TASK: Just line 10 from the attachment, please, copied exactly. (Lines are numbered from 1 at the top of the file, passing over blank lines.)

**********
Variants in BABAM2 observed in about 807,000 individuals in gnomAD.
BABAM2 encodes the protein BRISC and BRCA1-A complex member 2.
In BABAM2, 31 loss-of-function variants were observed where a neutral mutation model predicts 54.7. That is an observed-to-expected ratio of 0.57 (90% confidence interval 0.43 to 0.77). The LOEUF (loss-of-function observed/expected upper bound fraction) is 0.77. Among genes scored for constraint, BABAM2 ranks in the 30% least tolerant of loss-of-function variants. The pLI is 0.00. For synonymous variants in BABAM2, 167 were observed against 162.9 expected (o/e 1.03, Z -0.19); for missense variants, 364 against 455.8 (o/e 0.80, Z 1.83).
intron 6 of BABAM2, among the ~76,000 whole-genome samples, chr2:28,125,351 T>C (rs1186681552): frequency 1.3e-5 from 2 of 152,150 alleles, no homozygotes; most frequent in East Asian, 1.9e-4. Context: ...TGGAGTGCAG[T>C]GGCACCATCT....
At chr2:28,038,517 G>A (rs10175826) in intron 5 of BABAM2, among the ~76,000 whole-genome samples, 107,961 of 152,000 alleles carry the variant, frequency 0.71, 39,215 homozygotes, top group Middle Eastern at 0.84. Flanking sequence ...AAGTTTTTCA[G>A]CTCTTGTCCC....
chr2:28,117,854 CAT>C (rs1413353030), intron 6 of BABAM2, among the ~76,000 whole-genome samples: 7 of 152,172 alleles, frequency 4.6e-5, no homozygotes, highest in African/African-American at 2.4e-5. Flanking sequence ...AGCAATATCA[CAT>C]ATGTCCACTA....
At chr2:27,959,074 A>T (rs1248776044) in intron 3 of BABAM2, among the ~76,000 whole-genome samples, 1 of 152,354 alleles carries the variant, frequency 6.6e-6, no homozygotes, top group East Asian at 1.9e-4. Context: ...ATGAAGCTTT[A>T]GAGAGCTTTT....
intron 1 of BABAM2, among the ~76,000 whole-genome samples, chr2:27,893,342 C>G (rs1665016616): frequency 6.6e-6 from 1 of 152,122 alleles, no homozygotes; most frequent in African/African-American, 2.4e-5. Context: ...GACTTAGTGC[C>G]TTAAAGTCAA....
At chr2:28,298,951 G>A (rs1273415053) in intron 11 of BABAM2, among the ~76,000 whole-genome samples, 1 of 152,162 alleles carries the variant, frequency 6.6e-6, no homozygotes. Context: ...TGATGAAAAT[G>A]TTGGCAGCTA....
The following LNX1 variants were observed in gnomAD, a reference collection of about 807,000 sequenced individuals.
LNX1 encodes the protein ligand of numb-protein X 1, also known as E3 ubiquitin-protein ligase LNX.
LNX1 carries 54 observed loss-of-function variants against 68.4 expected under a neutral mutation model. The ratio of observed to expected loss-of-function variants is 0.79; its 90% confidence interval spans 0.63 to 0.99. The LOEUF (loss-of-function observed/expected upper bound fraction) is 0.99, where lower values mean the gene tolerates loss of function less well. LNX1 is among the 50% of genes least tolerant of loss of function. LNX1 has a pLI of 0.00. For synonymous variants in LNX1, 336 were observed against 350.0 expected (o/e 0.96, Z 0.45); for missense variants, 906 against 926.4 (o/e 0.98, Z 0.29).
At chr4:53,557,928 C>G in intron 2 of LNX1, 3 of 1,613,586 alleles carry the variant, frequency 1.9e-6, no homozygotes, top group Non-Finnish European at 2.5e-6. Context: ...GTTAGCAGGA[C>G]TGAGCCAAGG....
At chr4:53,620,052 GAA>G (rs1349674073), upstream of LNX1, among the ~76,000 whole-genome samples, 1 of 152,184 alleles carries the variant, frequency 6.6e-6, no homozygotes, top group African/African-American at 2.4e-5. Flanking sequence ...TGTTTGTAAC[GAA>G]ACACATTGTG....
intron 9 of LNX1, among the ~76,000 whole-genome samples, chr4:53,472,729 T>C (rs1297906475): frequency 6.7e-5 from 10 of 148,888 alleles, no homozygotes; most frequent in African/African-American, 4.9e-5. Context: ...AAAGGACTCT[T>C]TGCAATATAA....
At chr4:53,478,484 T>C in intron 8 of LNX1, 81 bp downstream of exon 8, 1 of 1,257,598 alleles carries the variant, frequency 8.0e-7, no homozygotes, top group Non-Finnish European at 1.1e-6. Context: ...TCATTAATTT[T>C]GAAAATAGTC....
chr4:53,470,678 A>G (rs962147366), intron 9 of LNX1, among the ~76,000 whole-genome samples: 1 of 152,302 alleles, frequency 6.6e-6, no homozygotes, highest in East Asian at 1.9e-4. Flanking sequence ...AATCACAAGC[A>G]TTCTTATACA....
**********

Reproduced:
The following LNX1 variants were observed in gnomAD, a reference collection of about 807,000 sequenced individuals.